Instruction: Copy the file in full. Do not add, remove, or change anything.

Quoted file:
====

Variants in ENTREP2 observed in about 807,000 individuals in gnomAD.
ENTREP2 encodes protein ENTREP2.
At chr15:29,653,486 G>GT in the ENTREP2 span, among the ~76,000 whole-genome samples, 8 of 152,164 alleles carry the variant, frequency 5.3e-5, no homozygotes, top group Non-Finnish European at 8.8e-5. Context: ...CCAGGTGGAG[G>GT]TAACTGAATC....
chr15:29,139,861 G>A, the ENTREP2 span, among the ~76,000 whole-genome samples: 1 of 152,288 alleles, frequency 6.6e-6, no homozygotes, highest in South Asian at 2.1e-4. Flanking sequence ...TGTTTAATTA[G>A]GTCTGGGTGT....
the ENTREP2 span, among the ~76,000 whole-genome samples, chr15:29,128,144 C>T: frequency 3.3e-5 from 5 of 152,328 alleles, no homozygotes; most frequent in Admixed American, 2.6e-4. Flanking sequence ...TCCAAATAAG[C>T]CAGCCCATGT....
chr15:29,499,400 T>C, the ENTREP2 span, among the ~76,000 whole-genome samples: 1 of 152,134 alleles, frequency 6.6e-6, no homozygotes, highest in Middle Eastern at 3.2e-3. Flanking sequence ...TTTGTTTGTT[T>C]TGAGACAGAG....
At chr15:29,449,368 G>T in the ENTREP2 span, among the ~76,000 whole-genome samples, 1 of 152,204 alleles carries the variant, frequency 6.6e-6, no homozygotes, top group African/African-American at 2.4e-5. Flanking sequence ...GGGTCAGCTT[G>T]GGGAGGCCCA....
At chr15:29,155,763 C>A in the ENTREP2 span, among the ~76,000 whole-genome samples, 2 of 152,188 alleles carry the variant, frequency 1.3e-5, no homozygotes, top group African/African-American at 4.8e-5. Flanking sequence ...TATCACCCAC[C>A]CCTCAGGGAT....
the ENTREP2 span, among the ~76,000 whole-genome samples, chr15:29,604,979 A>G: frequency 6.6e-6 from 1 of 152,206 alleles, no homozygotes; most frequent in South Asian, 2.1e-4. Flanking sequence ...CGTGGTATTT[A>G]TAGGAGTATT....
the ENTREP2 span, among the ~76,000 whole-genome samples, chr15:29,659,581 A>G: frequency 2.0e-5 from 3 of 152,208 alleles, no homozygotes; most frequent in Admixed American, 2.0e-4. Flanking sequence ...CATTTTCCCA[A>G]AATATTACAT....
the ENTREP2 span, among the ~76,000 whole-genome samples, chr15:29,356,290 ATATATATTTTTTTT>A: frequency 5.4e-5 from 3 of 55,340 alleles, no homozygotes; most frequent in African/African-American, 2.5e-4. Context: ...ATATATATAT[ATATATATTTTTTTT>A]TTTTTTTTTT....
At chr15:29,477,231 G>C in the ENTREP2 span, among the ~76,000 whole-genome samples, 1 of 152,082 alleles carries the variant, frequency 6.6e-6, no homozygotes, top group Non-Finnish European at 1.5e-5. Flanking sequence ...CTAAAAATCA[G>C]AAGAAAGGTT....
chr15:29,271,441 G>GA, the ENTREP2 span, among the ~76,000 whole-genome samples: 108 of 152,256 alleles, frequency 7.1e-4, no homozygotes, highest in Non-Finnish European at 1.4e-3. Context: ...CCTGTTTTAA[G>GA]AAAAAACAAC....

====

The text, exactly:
Variants in ENTREP2 observed in about 807,000 individuals in gnomAD.
ENTREP2 encodes protein ENTREP2.
At chr15:29,653,486 G>GT in the ENTREP2 span, among the ~76,000 whole-genome samples, 8 of 152,164 alleles carry the variant, frequency 5.3e-5, no homozygotes, top group Non-Finnish European at 8.8e-5. Context: ...CCAGGTGGAG[G>GT]TAACTGAATC....
chr15:29,139,861 G>A, the ENTREP2 span, among the ~76,000 whole-genome samples: 1 of 152,288 alleles, frequency 6.6e-6, no homozygotes, highest in South Asian at 2.1e-4. Flanking sequence ...TGTTTAATTA[G>A]GTCTGGGTGT....
the ENTREP2 span, among the ~76,000 whole-genome samples, chr15:29,128,144 C>T: frequency 3.3e-5 from 5 of 152,328 alleles, no homozygotes; most frequent in Admixed American, 2.6e-4. Flanking sequence ...TCCAAATAAG[C>T]CAGCCCATGT....
chr15:29,499,400 T>C, the ENTREP2 span, among the ~76,000 whole-genome samples: 1 of 152,134 alleles, frequency 6.6e-6, no homozygotes, highest in Middle Eastern at 3.2e-3. Flanking sequence ...TTTGTTTGTT[T>C]TGAGACAGAG....
At chr15:29,449,368 G>T in the ENTREP2 span, among the ~76,000 whole-genome samples, 1 of 152,204 alleles carries the variant, frequency 6.6e-6, no homozygotes, top group African/African-American at 2.4e-5. Flanking sequence ...GGGTCAGCTT[G>T]GGGAGGCCCA....
At chr15:29,155,763 C>A in the ENTREP2 span, among the ~76,000 whole-genome samples, 2 of 152,188 alleles carry the variant, frequency 1.3e-5, no homozygotes, top group African/African-American at 4.8e-5. Flanking sequence ...TATCACCCAC[C>A]CCTCAGGGAT....
the ENTREP2 span, among the ~76,000 whole-genome samples, chr15:29,604,979 A>G: frequency 6.6e-6 from 1 of 152,206 alleles, no homozygotes; most frequent in South Asian, 2.1e-4. Flanking sequence ...CGTGGTATTT[A>G]TAGGAGTATT....
the ENTREP2 span, among the ~76,000 whole-genome samples, chr15:29,659,581 A>G: frequency 2.0e-5 from 3 of 152,208 alleles, no homozygotes; most frequent in Admixed American, 2.0e-4. Flanking sequence ...CATTTTCCCA[A>G]AATATTACAT....
the ENTREP2 span, among the ~76,000 whole-genome samples, chr15:29,356,290 ATATATATTTTTTTT>A: frequency 5.4e-5 from 3 of 55,340 alleles, no homozygotes; most frequent in African/African-American, 2.5e-4. Context: ...ATATATATAT[ATATATATTTTTTTT>A]TTTTTTTTTT....
At chr15:29,477,231 G>C in the ENTREP2 span, among the ~76,000 whole-genome samples, 1 of 152,082 alleles carries the variant, frequency 6.6e-6, no homozygotes, top group Non-Finnish European at 1.5e-5. Flanking sequence ...CTAAAAATCA[G>C]AAGAAAGGTT....
chr15:29,271,441 G>GA, the ENTREP2 span, among the ~76,000 whole-genome samples: 108 of 152,256 alleles, frequency 7.1e-4, no homozygotes, highest in Non-Finnish European at 1.4e-3. Context: ...CCTGTTTTAA[G>GA]AAAAAACAAC....